When a team has been as inept as the Edmonton Oilers have these past nine seasons, it’s human nature to try to look past the misery occasionally, to seek a distraction from the drudgery whether you’re witnessing the carnage from the press box or paying good money to see it from the seats at Rexall Place.
I used to do it when I was covering the beat and I find myself doing it now as the Oilers crawl to the finish line on their knees yet again. I try to find a storyline, even a tidbit, to provide a break from duly documenting the dismay for the umpteenth time – how flawed the line-up is, how incompetent management is, that Kevin Lowe must go, how just about everything sucks.
That’s not to ignore another year of defeat after defeat, the latest being a 3-1 loss to San Jose Thursday, and the issues that lead to the same old, same old, it’s simply to take a break from banging one’s head against the same wall, or walls, day after day. We’ll carry on with that soon enough.
Thankfully, there’s been a few of those distractions to ease another early exit. For me, it’s been watching Brandon Davidson, David Musil, Richard Bachman and, last night, Laurent Brossoit. Stories about people who may or may not play a significant role with the Oilers moving forward.
BEYOND THE SCORE
I’ve found myself pulling for Davidson, who at the age of 23 has overcome testicular cancer to continue his hockey career and make it this far. A sixth-round pick by the Oilers in 2010, the former Regina Pat was a longshot to even play an NHL game before the cancer struck him. How, or if, he fits in down the road, I don’t know. He now has 11 NHL games on his resume.
When I watch Musil lumber up and down the ice, I can’t help but think of him and his little brother Adam hanging around the rink in the days when their dad, Frank, was playing for the Oilers. Time flies. He reminds me of his dad, a tough, honest defensemen with limited skill. I don’t know if David will ever be able to live up to where he was drafted, 31st overall in 2011, or become a regular player here, but if he doesn’t it won’t be for lack of trying.
I cringed the other night when Drew Doughty of the Los Angeles Kings blew a slapshot past Bachman from centre ice in his first game back in Edmonton’s line-up after dealing with the death of his older brother. Bachman prevailed, however, making 25 saves in a 4-2 win. I don’t know about you, but it did my heart good to watch the Oilers embrace Bachman, the undersized underdog in Edmonton’s goaltending picture, after the game.
Then, there was Brossoit, a former member of the Edmonton Oil Kings, taking his place between the pipes against the Sharks last night in his NHL debut. Playing behind a mostly AHL blue line group, he had every reason to be absolutely shaking in his skates. Brossoit had the local faithful roaring in the stands, making 49 saves. He was brilliant. Might Brossoit be the stopper the Oilers need? Maybe. But not now. Not yet.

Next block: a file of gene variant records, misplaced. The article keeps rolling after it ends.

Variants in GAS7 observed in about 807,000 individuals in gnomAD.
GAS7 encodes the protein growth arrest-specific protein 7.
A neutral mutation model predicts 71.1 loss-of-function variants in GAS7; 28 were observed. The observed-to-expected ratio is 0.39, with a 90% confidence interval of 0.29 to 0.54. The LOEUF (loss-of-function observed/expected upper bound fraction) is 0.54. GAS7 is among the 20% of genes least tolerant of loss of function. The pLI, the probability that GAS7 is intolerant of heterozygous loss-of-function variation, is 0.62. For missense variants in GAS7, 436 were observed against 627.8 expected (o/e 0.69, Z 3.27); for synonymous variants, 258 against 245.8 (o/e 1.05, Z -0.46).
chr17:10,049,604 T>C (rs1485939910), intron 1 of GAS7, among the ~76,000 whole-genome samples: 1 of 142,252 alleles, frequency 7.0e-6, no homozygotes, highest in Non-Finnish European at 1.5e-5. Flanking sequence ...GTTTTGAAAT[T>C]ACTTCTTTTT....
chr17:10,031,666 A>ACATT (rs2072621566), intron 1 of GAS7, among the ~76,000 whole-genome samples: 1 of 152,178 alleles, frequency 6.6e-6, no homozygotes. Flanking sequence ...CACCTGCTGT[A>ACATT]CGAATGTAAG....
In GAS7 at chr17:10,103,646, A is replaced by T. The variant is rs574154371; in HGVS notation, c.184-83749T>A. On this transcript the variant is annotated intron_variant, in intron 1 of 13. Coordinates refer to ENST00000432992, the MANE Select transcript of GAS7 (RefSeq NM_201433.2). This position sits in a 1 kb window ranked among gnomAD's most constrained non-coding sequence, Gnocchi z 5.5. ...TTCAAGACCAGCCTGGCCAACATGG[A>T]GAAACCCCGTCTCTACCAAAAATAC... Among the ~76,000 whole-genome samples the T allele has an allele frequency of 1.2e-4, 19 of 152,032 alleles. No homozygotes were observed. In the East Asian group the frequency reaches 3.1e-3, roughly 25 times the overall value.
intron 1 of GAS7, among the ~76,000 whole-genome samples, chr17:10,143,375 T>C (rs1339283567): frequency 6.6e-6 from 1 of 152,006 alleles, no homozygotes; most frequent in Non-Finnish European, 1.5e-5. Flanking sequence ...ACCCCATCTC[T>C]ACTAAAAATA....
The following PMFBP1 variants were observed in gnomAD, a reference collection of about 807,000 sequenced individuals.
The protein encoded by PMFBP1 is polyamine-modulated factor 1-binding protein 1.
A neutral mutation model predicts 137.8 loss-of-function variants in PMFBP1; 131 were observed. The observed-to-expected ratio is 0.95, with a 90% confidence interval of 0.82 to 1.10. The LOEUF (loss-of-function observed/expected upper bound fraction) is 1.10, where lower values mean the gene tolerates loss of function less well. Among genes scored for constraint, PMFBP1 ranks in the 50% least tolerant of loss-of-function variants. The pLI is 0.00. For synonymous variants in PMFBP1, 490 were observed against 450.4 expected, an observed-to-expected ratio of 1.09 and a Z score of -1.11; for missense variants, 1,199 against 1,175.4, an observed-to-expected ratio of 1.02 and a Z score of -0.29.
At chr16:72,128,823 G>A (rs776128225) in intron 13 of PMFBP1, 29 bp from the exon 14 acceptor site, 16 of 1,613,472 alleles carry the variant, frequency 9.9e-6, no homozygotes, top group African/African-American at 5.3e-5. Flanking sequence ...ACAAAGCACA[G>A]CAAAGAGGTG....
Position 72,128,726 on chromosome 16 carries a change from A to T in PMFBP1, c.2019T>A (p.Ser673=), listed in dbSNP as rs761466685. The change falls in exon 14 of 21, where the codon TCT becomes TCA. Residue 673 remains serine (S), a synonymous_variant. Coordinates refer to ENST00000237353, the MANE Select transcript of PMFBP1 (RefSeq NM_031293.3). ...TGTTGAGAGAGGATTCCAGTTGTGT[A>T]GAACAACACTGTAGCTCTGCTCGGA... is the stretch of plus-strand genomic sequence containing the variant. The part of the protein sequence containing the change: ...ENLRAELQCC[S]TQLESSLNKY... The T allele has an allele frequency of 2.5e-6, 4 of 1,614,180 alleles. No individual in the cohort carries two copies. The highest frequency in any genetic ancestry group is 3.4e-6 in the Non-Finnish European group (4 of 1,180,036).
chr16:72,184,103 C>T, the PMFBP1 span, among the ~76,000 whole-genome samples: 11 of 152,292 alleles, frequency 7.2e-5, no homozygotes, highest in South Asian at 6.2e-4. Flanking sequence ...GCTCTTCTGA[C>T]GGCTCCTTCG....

With the Oilers closing out the season in Vancouver Saturday and GM Craig MacTavish facing the media early next week, we’ll get back to dissecting everything that is wrong with the team, and there is plenty, soon enough. From where I sit, Davidson, Musil, Bachman and Brossoit have provided welcome distractions.
While Brossoit was knocking himself out to script what should have been a feel-good win, too many of his teammates chose to stand around and watch it rather than give the kid some help. I get it that the Oilers are undermanned and overmatched and playing out the string, but that’s inexcusable.
“He was outstanding,” coach Todd Nelson said of Brossoit. “But I was really disappointed with the lack of support in front of him. We had way too many passengers tonight.
“That was one of the best performances I’ve seen all year . . . It was a bit concerning. There were a handful of guys who worked hard, but it wasn’t enough. It was disappointing because it would have been a great story.”
Leading the list of those along for the ride was Justin Schultz, who lost an edge on Patrick Marleau’s goal to tie it 1-1 and all-in-all played yet another game looking disinterested. Frankly, guys like Schultz drive me nuts. He’s got all the talent in the world, but doesn’t have a ticker to match.
I wonder what plough horses like Musil, Matt Hendricks and other pluggers who are short on talent but long on try think about Schultz, a thoroughbred who only runs when he feels like it and spits the bit too often.
WHILE I’M AT IT
I know I’m in the minority here, but I was happy to see the Calgary Flames clinch a playoff spot last night. For me, it’s not about rubbing Oiler fans’ noses in it, it’s that I like the way the Flames play. Specifically, the way they play for each other and that they never, ever quit. What a concept.
Listen to Robin Brownlee Wednesdays and Thursdays from 3 p.m. to 5 p.m. on the Jason Gregor Show on TSN 1260.